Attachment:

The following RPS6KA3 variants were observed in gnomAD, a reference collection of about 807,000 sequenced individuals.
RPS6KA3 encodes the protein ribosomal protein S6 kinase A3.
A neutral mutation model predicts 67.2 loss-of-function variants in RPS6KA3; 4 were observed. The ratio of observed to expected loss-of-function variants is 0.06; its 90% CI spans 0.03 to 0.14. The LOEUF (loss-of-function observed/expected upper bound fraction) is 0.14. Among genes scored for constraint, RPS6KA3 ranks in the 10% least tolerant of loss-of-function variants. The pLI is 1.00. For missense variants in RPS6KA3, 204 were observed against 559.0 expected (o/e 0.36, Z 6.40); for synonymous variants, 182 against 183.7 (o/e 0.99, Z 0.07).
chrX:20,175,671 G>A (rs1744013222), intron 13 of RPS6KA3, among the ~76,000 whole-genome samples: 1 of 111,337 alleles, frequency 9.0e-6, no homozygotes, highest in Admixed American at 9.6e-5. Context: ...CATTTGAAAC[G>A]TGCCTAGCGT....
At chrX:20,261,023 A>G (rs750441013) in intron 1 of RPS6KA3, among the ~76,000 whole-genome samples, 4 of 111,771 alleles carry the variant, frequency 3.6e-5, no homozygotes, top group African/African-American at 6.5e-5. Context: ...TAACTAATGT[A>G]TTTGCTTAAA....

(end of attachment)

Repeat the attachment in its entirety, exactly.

The following RPS6KA3 variants were observed in gnomAD, a reference collection of about 807,000 sequenced individuals.
RPS6KA3 encodes the protein ribosomal protein S6 kinase A3.
A neutral mutation model predicts 67.2 loss-of-function variants in RPS6KA3; 4 were observed. The ratio of observed to expected loss-of-function variants is 0.06; its 90% CI spans 0.03 to 0.14. The LOEUF (loss-of-function observed/expected upper bound fraction) is 0.14. Among genes scored for constraint, RPS6KA3 ranks in the 10% least tolerant of loss-of-function variants. The pLI is 1.00. For missense variants in RPS6KA3, 204 were observed against 559.0 expected (o/e 0.36, Z 6.40); for synonymous variants, 182 against 183.7 (o/e 0.99, Z 0.07).
chrX:20,175,671 G>A (rs1744013222), intron 13 of RPS6KA3, among the ~76,000 whole-genome samples: 1 of 111,337 alleles, frequency 9.0e-6, no homozygotes, highest in Admixed American at 9.6e-5. Context: ...CATTTGAAAC[G>A]TGCCTAGCGT....
At chrX:20,261,023 A>G (rs750441013) in intron 1 of RPS6KA3, among the ~76,000 whole-genome samples, 4 of 111,771 alleles carry the variant, frequency 3.6e-5, no homozygotes, top group African/African-American at 6.5e-5. Context: ...TAACTAATGT[A>G]TTTGCTTAAA....